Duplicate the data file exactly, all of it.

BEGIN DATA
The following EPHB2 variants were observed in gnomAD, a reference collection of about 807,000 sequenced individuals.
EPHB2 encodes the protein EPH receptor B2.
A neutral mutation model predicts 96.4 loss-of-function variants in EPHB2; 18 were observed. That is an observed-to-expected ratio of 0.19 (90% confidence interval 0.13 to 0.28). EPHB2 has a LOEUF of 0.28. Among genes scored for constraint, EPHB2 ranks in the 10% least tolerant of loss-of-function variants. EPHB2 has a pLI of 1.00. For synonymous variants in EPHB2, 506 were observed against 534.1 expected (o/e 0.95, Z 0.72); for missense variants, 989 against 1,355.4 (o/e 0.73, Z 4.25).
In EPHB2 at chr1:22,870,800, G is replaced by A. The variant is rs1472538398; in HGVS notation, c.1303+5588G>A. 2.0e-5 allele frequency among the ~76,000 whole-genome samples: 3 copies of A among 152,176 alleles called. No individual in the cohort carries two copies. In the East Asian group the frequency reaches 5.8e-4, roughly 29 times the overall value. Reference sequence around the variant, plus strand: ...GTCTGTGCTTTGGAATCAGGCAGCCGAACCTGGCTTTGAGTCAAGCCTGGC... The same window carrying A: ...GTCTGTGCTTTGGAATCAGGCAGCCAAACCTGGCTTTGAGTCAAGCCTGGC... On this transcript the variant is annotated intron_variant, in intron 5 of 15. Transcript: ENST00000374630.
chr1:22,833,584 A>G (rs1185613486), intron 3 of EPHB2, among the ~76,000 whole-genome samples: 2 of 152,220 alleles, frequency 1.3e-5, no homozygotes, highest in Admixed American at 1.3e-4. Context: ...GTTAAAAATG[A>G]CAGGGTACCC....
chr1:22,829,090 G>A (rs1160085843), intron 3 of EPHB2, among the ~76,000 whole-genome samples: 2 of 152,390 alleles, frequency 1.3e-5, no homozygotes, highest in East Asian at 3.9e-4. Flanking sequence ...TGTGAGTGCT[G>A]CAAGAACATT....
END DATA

The following EPHB2 variants were observed in gnomAD, a reference collection of about 807,000 sequenced individuals.
EPHB2 encodes the protein EPH receptor B2.
A neutral mutation model predicts 96.4 loss-of-function variants in EPHB2; 18 were observed. That is an observed-to-expected ratio of 0.19 (90% confidence interval 0.13 to 0.28). EPHB2 has a LOEUF of 0.28. Among genes scored for constraint, EPHB2 ranks in the 10% least tolerant of loss-of-function variants. EPHB2 has a pLI of 1.00. For synonymous variants in EPHB2, 506 were observed against 534.1 expected (o/e 0.95, Z 0.72); for missense variants, 989 against 1,355.4 (o/e 0.73, Z 4.25).
In EPHB2 at chr1:22,870,800, G is replaced by A. The variant is rs1472538398; in HGVS notation, c.1303+5588G>A. 2.0e-5 allele frequency among the ~76,000 whole-genome samples: 3 copies of A among 152,176 alleles called. No individual in the cohort carries two copies. In the East Asian group the frequency reaches 5.8e-4, roughly 29 times the overall value. Reference sequence around the variant, plus strand: ...GTCTGTGCTTTGGAATCAGGCAGCCGAACCTGGCTTTGAGTCAAGCCTGGC... The same window carrying A: ...GTCTGTGCTTTGGAATCAGGCAGCCAAACCTGGCTTTGAGTCAAGCCTGGC... On this transcript the variant is annotated intron_variant, in intron 5 of 15. Transcript: ENST00000374630.
chr1:22,833,584 A>G (rs1185613486), intron 3 of EPHB2, among the ~76,000 whole-genome samples: 2 of 152,220 alleles, frequency 1.3e-5, no homozygotes, highest in Admixed American at 1.3e-4. Context: ...GTTAAAAATG[A>G]CAGGGTACCC....
chr1:22,829,090 G>A (rs1160085843), intron 3 of EPHB2, among the ~76,000 whole-genome samples: 2 of 152,390 alleles, frequency 1.3e-5, no homozygotes, highest in East Asian at 3.9e-4. Flanking sequence ...TGTGAGTGCT[G>A]CAAGAACATT....